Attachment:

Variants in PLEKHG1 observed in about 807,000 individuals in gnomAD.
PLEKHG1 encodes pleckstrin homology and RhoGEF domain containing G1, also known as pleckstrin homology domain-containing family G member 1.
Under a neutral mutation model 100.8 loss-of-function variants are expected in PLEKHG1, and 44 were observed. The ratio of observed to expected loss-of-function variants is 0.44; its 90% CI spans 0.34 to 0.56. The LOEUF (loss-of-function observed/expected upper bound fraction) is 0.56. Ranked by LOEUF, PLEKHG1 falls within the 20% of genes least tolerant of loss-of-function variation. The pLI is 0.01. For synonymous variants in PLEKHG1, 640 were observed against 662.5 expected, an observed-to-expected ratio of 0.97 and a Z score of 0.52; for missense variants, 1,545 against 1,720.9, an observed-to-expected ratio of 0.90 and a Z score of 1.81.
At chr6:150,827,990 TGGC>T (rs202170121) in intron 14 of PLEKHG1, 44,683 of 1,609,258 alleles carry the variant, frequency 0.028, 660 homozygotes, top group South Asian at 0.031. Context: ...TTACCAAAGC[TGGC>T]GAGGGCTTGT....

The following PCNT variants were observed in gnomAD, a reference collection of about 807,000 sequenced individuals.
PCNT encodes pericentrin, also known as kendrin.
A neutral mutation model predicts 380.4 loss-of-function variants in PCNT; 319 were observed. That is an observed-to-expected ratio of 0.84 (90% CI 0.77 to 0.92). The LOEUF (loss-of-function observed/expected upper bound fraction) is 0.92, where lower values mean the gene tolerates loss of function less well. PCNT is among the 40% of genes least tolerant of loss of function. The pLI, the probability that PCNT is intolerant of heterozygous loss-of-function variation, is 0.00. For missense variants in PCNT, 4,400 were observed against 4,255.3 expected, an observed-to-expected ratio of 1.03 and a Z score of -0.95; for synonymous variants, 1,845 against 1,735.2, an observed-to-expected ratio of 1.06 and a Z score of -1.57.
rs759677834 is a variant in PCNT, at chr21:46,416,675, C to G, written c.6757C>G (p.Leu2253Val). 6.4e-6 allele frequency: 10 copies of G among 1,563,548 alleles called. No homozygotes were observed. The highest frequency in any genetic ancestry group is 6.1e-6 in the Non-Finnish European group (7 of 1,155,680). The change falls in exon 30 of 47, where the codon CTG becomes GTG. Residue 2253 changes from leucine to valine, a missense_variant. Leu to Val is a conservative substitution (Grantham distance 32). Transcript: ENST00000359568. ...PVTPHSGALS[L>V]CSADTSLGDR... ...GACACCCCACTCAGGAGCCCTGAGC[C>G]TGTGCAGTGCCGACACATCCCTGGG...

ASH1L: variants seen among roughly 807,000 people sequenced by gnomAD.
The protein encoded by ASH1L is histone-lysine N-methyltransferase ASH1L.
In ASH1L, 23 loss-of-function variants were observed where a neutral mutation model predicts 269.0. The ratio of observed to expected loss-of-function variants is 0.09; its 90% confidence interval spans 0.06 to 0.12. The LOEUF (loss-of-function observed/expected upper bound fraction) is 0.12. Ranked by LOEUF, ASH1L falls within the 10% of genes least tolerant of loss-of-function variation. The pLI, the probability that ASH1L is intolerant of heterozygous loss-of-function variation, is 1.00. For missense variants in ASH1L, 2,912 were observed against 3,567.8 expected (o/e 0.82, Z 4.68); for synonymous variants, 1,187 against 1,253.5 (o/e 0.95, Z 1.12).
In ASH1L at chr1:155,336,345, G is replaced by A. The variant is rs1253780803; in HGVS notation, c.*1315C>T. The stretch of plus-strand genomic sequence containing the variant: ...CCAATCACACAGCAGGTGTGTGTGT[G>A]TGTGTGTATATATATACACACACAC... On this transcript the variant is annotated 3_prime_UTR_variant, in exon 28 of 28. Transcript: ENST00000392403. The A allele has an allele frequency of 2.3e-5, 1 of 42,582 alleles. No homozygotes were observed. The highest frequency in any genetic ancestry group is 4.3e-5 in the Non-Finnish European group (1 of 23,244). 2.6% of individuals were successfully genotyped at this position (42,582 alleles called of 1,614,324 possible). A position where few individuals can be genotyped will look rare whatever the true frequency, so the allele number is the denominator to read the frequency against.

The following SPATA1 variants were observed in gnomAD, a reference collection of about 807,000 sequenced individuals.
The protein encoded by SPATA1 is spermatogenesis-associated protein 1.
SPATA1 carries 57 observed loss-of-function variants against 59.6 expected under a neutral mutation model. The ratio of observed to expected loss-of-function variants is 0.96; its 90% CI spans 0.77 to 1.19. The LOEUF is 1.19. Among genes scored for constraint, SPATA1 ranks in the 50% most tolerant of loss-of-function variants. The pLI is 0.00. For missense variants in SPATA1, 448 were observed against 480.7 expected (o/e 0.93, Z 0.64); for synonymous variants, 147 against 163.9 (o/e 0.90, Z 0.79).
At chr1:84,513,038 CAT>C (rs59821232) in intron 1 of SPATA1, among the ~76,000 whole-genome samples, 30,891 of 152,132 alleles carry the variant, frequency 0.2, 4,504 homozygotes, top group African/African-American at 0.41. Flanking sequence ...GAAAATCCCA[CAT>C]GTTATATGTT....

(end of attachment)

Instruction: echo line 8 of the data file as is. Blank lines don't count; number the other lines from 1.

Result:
rs759677834 is a variant in PCNT, at chr21:46,416,675, C to G, written c.6757C>G (p.Leu2253Val). 6.4e-6 allele frequency: 10 copies of G among 1,563,548 alleles called. No homozygotes were observed. The highest frequency in any genetic ancestry group is 6.1e-6 in the Non-Finnish European group (7 of 1,155,680). The change falls in exon 30 of 47, where the codon CTG becomes GTG. Residue 2253 changes from leucine to valine, a missense_variant. Leu to Val is a conservative substitution (Grantham distance 32). Transcript: ENST00000359568. ...PVTPHSGALS[L>V]CSADTSLGDR... ...GACACCCCACTCAGGAGCCCTGAGC[C>G]TGTGCAGTGCCGACACATCCCTGGG...